Exploring the Purpose of Art Through GhostLight:

The first time someone told me that I’m meant to be artistic was about three years ago at a Ghostlight retreat, while sitting on the floor of an AirBnb, surrounded by other creatives who were having a similar reaction to me of puzzlement and cautious hope. Maybe, we were all a bit taken aback that our interests might be more than simply a cosmic accident resulting in a heightened sensitivity to sad commercials, or innate desire to do jazz squares. I had always viewed my penchant for the arts as an incidental feature of my personality, like the ornament on the hood of a car, or that hook on the back of the seat where you’re supposed to hang dry cleaning. Seriously, who even uses that? It didn’t exactly help that artistic pursuits are treated in schools as little more than enjoyable interludes between life’s more important moments, exhibited by their relegation to the “electives” frontier of school curriculum. It was great that I could write well, something my teachers liked about me, but not something for me to invest too much time in.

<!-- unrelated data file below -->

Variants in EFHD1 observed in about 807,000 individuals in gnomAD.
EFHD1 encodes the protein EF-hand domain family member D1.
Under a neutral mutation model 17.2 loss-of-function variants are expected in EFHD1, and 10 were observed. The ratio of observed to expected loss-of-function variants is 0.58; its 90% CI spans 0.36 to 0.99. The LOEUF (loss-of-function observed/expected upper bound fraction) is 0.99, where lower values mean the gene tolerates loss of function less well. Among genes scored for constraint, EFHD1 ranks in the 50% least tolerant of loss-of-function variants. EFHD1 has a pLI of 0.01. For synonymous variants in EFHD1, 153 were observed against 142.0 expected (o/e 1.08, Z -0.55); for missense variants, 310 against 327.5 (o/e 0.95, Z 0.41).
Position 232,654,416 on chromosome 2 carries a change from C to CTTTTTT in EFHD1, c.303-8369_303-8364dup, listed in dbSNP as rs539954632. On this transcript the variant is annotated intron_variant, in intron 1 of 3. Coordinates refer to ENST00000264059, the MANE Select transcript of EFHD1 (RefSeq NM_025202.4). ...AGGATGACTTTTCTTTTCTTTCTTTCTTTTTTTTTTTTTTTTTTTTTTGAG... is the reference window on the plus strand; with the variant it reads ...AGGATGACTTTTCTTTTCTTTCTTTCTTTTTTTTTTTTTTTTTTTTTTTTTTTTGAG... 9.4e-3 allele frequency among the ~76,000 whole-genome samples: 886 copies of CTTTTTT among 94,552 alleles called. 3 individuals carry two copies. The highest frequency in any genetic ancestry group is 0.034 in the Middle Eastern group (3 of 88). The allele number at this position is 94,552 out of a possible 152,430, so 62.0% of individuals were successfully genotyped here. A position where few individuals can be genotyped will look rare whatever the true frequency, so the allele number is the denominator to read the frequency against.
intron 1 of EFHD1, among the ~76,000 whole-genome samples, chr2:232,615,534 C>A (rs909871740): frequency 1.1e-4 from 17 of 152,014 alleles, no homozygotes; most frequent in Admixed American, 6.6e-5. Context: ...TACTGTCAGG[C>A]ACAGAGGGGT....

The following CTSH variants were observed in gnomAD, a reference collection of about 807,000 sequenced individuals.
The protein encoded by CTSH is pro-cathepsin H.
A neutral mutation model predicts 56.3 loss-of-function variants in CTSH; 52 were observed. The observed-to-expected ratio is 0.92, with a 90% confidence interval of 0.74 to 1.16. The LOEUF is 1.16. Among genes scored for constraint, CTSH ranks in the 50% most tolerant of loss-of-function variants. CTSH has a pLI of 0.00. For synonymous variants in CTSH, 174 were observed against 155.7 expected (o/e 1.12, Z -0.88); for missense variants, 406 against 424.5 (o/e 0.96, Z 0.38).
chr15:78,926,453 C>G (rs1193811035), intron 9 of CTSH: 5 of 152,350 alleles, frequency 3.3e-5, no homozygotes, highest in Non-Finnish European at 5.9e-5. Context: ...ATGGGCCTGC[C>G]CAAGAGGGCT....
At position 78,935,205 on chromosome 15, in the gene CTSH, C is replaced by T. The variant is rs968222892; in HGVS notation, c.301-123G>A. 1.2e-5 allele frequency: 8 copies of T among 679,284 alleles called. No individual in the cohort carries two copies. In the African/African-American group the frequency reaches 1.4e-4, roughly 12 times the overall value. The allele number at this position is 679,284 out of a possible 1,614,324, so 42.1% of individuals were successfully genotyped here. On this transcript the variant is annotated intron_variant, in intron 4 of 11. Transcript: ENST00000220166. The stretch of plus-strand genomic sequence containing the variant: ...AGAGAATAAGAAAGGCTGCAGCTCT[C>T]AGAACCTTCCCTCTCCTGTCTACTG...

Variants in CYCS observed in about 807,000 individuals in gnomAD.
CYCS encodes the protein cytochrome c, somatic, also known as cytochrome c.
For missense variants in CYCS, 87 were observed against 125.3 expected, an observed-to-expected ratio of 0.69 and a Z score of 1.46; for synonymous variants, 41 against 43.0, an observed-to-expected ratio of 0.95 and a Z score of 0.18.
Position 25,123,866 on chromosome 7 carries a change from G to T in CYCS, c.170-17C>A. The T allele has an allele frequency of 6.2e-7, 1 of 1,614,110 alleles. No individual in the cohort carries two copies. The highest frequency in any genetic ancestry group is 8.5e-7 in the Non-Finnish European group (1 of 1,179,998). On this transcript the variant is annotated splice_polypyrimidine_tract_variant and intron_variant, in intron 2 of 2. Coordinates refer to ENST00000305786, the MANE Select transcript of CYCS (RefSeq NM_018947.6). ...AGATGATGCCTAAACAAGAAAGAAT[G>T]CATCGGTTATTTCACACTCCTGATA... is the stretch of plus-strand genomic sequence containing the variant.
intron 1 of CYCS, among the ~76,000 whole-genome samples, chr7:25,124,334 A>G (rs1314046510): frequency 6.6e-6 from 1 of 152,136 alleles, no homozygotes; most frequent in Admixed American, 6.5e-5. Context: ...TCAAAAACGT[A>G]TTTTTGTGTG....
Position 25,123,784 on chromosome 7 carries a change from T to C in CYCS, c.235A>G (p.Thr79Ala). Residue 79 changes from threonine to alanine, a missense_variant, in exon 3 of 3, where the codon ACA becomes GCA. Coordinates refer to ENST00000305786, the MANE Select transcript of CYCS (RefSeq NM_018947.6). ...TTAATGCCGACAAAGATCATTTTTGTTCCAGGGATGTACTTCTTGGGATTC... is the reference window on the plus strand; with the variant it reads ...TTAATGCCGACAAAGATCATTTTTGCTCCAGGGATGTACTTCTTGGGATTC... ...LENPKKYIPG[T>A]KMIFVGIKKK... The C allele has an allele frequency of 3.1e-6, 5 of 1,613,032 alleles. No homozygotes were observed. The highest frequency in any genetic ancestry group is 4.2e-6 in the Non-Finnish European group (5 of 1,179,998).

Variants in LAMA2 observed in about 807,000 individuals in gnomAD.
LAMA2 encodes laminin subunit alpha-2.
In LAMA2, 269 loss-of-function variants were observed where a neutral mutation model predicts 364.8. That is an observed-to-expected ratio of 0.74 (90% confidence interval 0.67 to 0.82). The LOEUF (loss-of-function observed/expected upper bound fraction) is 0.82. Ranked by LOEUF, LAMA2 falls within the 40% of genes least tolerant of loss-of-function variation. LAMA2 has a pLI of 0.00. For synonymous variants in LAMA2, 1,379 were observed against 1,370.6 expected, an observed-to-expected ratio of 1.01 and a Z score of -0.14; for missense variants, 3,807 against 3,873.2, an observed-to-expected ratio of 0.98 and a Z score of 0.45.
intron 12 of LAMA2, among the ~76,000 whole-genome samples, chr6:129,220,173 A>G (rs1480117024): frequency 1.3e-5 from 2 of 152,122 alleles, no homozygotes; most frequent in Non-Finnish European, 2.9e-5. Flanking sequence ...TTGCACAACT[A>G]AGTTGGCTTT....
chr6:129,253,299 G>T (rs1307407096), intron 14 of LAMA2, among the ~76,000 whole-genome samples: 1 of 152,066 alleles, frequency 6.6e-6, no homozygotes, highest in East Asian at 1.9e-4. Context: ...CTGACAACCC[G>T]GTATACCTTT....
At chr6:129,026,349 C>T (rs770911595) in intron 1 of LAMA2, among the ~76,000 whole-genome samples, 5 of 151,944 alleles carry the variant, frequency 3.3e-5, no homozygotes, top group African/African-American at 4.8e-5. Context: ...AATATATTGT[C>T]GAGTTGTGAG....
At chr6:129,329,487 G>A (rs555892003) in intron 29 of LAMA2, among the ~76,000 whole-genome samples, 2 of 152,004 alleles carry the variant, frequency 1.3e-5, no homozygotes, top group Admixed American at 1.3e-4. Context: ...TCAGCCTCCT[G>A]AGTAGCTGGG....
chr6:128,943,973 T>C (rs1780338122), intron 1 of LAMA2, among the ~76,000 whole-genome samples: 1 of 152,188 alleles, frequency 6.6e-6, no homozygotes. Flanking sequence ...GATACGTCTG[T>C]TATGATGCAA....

It was the same story for many of the artists around me. Ghostlight, an ensemble of a dozen or so young artists, had been assembled not two weeks prior through a series of auditions where we showcased our talents and got to know each other through improv games. Now we sat, notepads in hand, a whiteboard across the room, trying to uncover the area of need in our community that we wanted to address through a showcase of original work which would take place in just a few weeks. By the many cut-out pieces of paper and dry-erase markings, sticky notes and question marks, anyone who looked in at that moment could see we had a lot of options to choose from. Our community, like many in the world, was hurting bad. And we, humbly armed with only our insecurities and our shaky skill sets, felt woefully ill-equipped to tackle these issues. But as our director, Lesa Brown, stood in front of us and insisted that we were born creative for a reason, it was a new idea that suddenly ignited in me a fresh desire to create. I, like many of the others, had gone to college and experienced that Robert Frost moment while in my counselor’s office. Two paths, and one was a whole lot scarier than the other. Should I pursue the arts, or embrace practicality? Not only did I fear the arts for the instability they foreshadowed, but as someone who had always desired to do something meaningful, a large part of me shied from an artistic career. I associated it with vanity, or wondered how much good it could truly do. After having talked with several other members of Ghostlight, I discovered many of them felt the same way.